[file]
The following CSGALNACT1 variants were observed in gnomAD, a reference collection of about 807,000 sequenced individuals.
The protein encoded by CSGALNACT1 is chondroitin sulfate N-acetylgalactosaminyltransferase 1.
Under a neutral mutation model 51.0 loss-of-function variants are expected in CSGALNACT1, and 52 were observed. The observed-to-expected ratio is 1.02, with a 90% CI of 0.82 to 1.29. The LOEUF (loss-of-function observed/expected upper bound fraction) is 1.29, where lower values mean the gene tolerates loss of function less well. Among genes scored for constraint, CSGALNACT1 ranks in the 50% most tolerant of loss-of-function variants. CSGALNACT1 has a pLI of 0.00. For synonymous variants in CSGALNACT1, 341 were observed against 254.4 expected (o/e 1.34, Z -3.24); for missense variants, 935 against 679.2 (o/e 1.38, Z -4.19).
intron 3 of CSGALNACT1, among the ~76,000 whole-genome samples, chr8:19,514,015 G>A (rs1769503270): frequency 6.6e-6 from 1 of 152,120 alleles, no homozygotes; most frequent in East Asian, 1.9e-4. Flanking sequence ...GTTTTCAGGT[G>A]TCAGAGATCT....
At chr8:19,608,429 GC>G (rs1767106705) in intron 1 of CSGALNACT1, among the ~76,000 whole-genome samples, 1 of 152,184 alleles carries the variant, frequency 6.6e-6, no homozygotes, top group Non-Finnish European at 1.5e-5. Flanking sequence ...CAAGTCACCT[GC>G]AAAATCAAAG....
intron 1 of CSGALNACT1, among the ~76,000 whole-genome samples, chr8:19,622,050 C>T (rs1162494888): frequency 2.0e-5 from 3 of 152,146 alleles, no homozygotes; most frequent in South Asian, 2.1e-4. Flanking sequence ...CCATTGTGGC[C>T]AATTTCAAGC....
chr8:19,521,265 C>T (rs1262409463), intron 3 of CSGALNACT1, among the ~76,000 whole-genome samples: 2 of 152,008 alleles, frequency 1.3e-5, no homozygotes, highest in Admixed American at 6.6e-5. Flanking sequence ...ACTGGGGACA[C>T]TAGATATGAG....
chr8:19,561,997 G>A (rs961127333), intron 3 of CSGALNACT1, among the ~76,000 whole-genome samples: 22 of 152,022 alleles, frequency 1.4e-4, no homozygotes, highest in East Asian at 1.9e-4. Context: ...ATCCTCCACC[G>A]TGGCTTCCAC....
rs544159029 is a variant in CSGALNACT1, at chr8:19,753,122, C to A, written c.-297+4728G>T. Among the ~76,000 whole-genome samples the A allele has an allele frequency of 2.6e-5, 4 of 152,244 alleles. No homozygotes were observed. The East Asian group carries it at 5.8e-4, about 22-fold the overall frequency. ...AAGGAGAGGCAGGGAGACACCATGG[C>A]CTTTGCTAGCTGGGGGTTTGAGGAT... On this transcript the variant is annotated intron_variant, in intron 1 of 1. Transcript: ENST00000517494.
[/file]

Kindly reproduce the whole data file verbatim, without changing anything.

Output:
The following CSGALNACT1 variants were observed in gnomAD, a reference collection of about 807,000 sequenced individuals.
The protein encoded by CSGALNACT1 is chondroitin sulfate N-acetylgalactosaminyltransferase 1.
Under a neutral mutation model 51.0 loss-of-function variants are expected in CSGALNACT1, and 52 were observed. The observed-to-expected ratio is 1.02, with a 90% CI of 0.82 to 1.29. The LOEUF (loss-of-function observed/expected upper bound fraction) is 1.29, where lower values mean the gene tolerates loss of function less well. Among genes scored for constraint, CSGALNACT1 ranks in the 50% most tolerant of loss-of-function variants. CSGALNACT1 has a pLI of 0.00. For synonymous variants in CSGALNACT1, 341 were observed against 254.4 expected (o/e 1.34, Z -3.24); for missense variants, 935 against 679.2 (o/e 1.38, Z -4.19).
intron 3 of CSGALNACT1, among the ~76,000 whole-genome samples, chr8:19,514,015 G>A (rs1769503270): frequency 6.6e-6 from 1 of 152,120 alleles, no homozygotes; most frequent in East Asian, 1.9e-4. Flanking sequence ...GTTTTCAGGT[G>A]TCAGAGATCT....
At chr8:19,608,429 GC>G (rs1767106705) in intron 1 of CSGALNACT1, among the ~76,000 whole-genome samples, 1 of 152,184 alleles carries the variant, frequency 6.6e-6, no homozygotes, top group Non-Finnish European at 1.5e-5. Flanking sequence ...CAAGTCACCT[GC>G]AAAATCAAAG....
intron 1 of CSGALNACT1, among the ~76,000 whole-genome samples, chr8:19,622,050 C>T (rs1162494888): frequency 2.0e-5 from 3 of 152,146 alleles, no homozygotes; most frequent in South Asian, 2.1e-4. Flanking sequence ...CCATTGTGGC[C>T]AATTTCAAGC....
chr8:19,521,265 C>T (rs1262409463), intron 3 of CSGALNACT1, among the ~76,000 whole-genome samples: 2 of 152,008 alleles, frequency 1.3e-5, no homozygotes, highest in Admixed American at 6.6e-5. Flanking sequence ...ACTGGGGACA[C>T]TAGATATGAG....
chr8:19,561,997 G>A (rs961127333), intron 3 of CSGALNACT1, among the ~76,000 whole-genome samples: 22 of 152,022 alleles, frequency 1.4e-4, no homozygotes, highest in East Asian at 1.9e-4. Context: ...ATCCTCCACC[G>A]TGGCTTCCAC....
rs544159029 is a variant in CSGALNACT1, at chr8:19,753,122, C to A, written c.-297+4728G>T. Among the ~76,000 whole-genome samples the A allele has an allele frequency of 2.6e-5, 4 of 152,244 alleles. No homozygotes were observed. The East Asian group carries it at 5.8e-4, about 22-fold the overall frequency. ...AAGGAGAGGCAGGGAGACACCATGG[C>A]CTTTGCTAGCTGGGGGTTTGAGGAT... On this transcript the variant is annotated intron_variant, in intron 1 of 1. Transcript: ENST00000517494.